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A report suggesting that Apple is cutting iPhone X production in half for the March quarter is off the mark, according to an executive at one of the company's Japanese suppliers.
"Our understanding is that it [the cut] is not that great," Murata vice chairman Yoshitaka Fujita told Reuters. Murata is believed to be helping Apple with liquid crystal polymer-based flexible circuit boards.
On Monday Japan's Nikkei said Apple had informed suppliers it was slashing March-quarter production from a predicted 40 million to 20 million, on the basis of slow holiday sales in critical markets like the U.S., China, and Europe. Apple typically ramps down iPhone production in the post-holiday season, but not so sharply, and the story dealt a blow to stock prices.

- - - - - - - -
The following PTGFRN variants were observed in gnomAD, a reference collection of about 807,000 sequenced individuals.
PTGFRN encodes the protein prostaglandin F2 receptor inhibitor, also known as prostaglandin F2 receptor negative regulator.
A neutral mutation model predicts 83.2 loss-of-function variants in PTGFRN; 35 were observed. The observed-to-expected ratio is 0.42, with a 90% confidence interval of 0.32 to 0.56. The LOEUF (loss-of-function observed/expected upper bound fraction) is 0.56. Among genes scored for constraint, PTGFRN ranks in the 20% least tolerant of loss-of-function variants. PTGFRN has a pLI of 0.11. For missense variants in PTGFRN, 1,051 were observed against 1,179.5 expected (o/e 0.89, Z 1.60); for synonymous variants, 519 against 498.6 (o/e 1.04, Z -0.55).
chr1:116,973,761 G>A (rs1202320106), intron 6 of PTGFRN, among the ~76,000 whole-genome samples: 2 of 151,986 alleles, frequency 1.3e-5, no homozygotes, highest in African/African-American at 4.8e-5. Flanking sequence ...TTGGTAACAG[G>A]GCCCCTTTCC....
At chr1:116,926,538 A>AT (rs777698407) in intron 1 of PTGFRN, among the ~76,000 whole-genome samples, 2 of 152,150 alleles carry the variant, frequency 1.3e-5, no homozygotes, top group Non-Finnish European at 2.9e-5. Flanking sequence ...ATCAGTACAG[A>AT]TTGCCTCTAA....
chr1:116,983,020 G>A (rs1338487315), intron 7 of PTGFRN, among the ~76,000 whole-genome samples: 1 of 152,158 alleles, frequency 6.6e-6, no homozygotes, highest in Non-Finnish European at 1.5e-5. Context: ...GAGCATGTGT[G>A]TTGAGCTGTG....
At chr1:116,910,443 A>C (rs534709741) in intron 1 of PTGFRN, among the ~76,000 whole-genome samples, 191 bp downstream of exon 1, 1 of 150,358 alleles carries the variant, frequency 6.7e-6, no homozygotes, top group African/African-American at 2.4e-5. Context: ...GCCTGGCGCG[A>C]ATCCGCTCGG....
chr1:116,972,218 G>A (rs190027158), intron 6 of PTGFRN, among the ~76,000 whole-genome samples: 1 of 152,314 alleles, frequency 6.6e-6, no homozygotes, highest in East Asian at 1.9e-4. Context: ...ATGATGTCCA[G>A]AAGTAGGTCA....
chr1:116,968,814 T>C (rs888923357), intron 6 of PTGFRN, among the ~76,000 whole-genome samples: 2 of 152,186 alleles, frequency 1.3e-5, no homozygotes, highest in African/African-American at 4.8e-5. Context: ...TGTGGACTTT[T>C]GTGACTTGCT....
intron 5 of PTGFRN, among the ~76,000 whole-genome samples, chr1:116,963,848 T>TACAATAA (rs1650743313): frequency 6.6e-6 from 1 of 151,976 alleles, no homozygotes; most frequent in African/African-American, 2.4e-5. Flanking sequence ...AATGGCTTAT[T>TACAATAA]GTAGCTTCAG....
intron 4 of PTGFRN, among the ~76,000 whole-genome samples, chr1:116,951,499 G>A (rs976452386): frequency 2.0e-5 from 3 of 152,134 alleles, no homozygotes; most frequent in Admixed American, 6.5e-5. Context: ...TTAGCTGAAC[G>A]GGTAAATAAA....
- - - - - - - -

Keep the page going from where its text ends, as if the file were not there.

Some watchers have been concerned that the iPhone X's $999 base price tag is putting off shoppers. Apple also launched the cheaper iPhone 8 and 8 Plus this fall, perhaps signalling its own worries that the X would have limited appeal. The X was also beset by production bottlenecks however, for which it might have wanted the iPhone 8 line as backup.
The cost of the iPhone X is linked mainly to its edge-to-edge, 5.8-inch OLED display, and the TrueDepth camera, which uses sensitive 3D facial recognition components. Those technologies should eventually become standard across Apple products, but only once economies of scale push manufacturing expenses down.